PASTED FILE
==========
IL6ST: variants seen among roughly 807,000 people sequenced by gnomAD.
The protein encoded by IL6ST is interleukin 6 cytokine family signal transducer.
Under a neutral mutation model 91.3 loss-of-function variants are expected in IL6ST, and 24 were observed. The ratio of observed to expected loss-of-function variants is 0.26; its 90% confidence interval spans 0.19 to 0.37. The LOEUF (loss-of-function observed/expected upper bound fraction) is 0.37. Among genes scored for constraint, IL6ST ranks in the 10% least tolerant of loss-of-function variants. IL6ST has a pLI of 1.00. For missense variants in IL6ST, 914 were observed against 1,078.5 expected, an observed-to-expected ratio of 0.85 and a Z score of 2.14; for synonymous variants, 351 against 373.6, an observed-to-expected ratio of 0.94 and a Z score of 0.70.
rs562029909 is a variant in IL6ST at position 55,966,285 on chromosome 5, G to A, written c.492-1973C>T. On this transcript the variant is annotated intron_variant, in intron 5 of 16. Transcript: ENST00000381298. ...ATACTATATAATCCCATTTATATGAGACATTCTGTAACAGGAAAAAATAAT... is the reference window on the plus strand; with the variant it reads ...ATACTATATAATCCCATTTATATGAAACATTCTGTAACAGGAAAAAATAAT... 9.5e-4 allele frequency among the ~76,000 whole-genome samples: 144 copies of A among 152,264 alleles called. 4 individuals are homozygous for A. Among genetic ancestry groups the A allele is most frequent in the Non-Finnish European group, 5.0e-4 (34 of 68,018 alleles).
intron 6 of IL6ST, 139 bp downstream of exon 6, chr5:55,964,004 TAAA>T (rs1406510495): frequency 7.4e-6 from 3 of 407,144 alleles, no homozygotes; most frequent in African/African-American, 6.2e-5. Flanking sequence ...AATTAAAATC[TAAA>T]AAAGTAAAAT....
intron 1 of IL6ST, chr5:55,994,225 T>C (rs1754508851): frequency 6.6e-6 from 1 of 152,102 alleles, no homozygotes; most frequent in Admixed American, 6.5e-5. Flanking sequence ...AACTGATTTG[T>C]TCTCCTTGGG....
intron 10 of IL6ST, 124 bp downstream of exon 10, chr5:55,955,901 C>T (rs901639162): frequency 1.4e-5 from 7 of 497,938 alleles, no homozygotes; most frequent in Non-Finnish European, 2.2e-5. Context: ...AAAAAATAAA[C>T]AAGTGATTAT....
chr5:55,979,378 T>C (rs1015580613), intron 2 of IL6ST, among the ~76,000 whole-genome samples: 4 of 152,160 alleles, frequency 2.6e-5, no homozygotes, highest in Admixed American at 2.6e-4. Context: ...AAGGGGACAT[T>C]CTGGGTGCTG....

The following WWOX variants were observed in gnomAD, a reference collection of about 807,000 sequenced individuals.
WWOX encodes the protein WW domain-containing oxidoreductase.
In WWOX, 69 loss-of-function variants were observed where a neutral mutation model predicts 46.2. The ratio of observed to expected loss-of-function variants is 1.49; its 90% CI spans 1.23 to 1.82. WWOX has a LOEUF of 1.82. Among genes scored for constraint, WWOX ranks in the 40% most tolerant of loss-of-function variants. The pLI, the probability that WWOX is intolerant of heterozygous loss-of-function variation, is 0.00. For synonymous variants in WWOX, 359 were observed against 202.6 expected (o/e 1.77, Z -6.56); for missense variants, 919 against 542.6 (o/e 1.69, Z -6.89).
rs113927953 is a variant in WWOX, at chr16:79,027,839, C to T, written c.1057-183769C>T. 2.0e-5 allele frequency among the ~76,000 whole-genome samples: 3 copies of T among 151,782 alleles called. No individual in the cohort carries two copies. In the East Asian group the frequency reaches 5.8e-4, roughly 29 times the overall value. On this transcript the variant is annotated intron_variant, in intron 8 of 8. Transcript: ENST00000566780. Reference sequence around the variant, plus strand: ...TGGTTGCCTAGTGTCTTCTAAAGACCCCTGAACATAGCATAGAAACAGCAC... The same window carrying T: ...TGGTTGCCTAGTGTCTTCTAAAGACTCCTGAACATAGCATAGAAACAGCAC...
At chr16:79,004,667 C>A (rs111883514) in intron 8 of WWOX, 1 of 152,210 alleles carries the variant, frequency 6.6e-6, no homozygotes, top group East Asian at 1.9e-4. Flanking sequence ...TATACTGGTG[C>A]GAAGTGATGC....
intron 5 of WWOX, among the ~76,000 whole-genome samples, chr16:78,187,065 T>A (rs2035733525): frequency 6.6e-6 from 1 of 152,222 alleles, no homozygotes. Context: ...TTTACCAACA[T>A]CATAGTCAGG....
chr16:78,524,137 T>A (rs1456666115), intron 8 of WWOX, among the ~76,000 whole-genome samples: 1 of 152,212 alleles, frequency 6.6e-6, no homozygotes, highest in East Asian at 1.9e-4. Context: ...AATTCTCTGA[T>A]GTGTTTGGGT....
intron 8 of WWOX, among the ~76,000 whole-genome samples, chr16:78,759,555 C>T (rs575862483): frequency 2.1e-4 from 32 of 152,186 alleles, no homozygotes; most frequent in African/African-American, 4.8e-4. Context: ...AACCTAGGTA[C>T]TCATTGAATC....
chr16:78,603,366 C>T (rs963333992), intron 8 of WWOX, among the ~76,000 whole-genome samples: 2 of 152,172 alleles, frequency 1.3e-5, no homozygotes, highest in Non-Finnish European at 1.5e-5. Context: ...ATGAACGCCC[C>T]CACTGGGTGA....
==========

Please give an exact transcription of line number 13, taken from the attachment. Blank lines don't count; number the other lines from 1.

At chr16:79,004,667 C>A (rs111883514) in intron 8 of WWOX, 1 of 152,210 alleles carries the variant, frequency 6.6e-6, no homozygotes, top group East Asian at 1.9e-4. Flanking sequence ...TATACTGGTG[C>A]GAAGTGATGC....